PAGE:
Similarly, when the band-stop filter 32 having the absorption band between the wavelength regions λEC and λED is inclined from 0° to 45° regarding the reflecting illumination optical path, the absorption band is shifted and the intensities of the narrow-band excitation light in the wavelength regions λEC and λED can be adjusted. Hence, the band-pass filter 30 and the band-stop filter 31 are separately inclined at arbitrary angles to thereby adjust the intensity ratio among three kinds of excitation light in the wavelength regions λEC, λED, and λEE, as shown in FIG. 8D. In doing so, the intensity ratio among three kinds of fluorescent light excited by the excitation light can be adjusted, and a desired brightness can be obtained.

The band-pass filter 30 has a high transmittance in the wavelength region λED of the excitation light, and each of the band-stop filters 31 and 32 has a high transmittance in any region with the exception of regions between the wavelength regions λEC and λED and between the wavelength regions λED and λEE, and thus the excitation light in the other regions is not blocked. Moreover, the band-pass filter 30 and the band-stop filters 31 and 32 can be removably arranged in the reflecting illumination optical path. Where the intensity ratio of the excitation light need not be adjusted, these filters may be removed from the optical path.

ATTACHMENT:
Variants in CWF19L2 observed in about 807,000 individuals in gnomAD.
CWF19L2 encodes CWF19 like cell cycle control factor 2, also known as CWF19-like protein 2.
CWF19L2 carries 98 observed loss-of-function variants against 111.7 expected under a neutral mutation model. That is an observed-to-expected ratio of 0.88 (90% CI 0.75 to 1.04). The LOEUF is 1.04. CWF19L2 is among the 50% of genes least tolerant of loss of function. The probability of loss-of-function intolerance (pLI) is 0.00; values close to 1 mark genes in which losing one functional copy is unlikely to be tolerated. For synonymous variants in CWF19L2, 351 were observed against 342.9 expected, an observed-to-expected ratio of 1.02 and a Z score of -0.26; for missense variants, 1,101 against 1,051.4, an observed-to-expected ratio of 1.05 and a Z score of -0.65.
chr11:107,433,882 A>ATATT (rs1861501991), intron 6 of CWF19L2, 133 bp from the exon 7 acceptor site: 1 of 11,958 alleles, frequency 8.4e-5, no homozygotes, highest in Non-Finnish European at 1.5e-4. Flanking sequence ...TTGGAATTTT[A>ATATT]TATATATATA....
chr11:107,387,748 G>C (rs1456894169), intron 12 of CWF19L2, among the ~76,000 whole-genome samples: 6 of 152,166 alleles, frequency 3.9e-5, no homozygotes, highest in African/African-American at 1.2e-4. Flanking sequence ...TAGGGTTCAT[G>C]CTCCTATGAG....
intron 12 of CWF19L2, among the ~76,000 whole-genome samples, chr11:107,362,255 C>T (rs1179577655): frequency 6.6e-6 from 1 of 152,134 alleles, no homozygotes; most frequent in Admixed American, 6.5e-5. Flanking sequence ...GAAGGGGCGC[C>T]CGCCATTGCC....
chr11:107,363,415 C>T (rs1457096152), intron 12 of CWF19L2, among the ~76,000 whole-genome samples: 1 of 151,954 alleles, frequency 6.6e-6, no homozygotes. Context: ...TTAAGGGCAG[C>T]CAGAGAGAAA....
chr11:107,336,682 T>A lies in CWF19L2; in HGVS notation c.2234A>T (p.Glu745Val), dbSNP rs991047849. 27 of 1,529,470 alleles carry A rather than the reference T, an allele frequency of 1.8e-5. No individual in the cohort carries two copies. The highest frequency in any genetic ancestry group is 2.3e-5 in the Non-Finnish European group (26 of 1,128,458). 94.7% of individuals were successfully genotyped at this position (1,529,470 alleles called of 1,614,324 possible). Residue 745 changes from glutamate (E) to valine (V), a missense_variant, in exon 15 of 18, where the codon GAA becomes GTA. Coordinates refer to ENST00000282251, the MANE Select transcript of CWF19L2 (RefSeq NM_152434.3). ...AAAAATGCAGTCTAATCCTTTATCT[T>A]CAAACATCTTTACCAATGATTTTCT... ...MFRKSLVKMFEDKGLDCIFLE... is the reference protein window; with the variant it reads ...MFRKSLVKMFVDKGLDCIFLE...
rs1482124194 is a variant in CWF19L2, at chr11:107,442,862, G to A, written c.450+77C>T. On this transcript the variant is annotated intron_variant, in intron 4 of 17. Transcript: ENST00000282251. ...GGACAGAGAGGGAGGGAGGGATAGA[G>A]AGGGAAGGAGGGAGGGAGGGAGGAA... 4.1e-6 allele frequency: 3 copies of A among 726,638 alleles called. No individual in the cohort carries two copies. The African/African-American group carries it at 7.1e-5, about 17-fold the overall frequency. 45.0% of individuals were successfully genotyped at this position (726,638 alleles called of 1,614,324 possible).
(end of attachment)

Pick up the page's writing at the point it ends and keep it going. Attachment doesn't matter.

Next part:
For quadruple excitation, as depicted in FIG. 8E, a band-pass filter 33 having a high transmittance which, of wavelength regions λEF, λEG, λEH, and λEI, ranges from the wavelength region λEF of narrow-band excitation light on the shortest-wavelength side to the wavelength region λEI of narrow-band excitation light on the longest-wavelength region, and at least one band-stop filter 34 having the absorption band between the wavelength regions λEG and λEH or at least one band-stop filter having the absorption band between other adjacent wavelength regions are arranged to be separately tiltable in the reflecting illumination optical path, and thereby the intensities of the excitation light can be adjusted as in the case of triple excitation. In addition, the intensity ratio of fluorescent light excited by the excitation light can be adjusted and a desired brightness can be secured.

Likewise, in the case of at least quintuple excitation, a band-pass filter having a high transmittance which ranges from the wavelength region of excitation light on the shortest-wavelength side to the wavelength region of excitation light on the longest-wavelength side and at least one band-stop filter having the absorption band between adjacent wavelength regions of the narrow-band excitation light are arranged to be separately tiltable in the optical path. In this way, the intensity ratio among various kinds of fluorescent light with at least quintuple excitation can be adjusted to secure a desired brightness.